Ticket touting is to be examined by MPs in a new parliamentary inquiry.
Tickets for The Police appeared on internet auction sites within minutes
The Culture, Media and Sport Select Committee will look at touting at music, cultural and sporting events.
It will investigate whether the resale of tickets was acceptable and whether a ban on touting at football matches should be extended to other events.
The MPs will seek views from the live music industry. Last year, the government said it had "no plans" to make touting illegal.
Many music fans complain that ticket touts - who continually snap-up tickets for festivals and gigs before selling them on for inflated prices - are a huge problem.
The 11-strong committee, chaired by Conservative MP John Whittingdale, will look into a series of issues relating to the secondary ticket market.
It is asking for written submissions from promoters, ticket agencies and other interested parties on a number of key points. They are:
The underlying causes of ticket touting, and its impact on performers, promoters and the public
Whether or not resale of a ticket, at face value or at a higher value, should be permitted in principle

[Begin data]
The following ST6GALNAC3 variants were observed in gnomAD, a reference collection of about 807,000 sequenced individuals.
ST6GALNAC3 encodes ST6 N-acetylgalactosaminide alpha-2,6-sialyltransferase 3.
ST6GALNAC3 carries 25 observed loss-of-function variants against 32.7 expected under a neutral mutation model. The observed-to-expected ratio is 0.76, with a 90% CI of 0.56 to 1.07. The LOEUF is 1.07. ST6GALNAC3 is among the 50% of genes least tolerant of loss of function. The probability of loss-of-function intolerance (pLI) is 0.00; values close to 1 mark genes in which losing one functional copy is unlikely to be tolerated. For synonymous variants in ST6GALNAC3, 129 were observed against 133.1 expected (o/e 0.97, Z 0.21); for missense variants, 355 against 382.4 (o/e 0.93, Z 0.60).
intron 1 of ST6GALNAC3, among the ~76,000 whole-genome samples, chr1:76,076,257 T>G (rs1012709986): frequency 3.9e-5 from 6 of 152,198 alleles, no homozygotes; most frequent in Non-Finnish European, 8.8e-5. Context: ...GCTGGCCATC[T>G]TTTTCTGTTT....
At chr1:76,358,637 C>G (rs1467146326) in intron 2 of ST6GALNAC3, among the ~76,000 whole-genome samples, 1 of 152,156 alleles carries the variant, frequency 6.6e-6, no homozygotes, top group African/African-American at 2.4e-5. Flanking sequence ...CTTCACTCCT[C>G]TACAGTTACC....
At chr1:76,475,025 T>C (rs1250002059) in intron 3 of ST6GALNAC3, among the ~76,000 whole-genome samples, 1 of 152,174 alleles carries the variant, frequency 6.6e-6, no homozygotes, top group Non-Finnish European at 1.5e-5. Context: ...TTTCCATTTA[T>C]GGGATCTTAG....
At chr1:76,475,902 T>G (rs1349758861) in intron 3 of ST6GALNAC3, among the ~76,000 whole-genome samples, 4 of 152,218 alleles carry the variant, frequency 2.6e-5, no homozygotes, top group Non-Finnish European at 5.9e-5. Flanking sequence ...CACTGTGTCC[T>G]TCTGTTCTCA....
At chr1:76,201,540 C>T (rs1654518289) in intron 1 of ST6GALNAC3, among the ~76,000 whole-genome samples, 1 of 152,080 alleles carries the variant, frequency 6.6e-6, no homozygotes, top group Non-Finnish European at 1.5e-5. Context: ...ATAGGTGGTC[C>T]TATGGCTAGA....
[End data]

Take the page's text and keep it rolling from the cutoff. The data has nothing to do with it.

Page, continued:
The impact of the internet upon trade in tickets
Whether or not tickets' terms and conditions banning transfer and onward sale are fair or enforceable
The merits of new approaches by ticket agents attempting to prevent transfer of tickets, including wider use of personal ID
Whether legislation in place for football matches and the London 2012 Games should be extended to cover other music, sporting or other cultural events.
The government has held a number of "touts summits" to look into the problem, but has stopped short of legislating against touting.
Stuart Galbraith, managing director of events company Live Nation, said he welcomed the new probe, but added he "remained to be convinced" it would be of any use.
The deadline for written submissions is 6 June.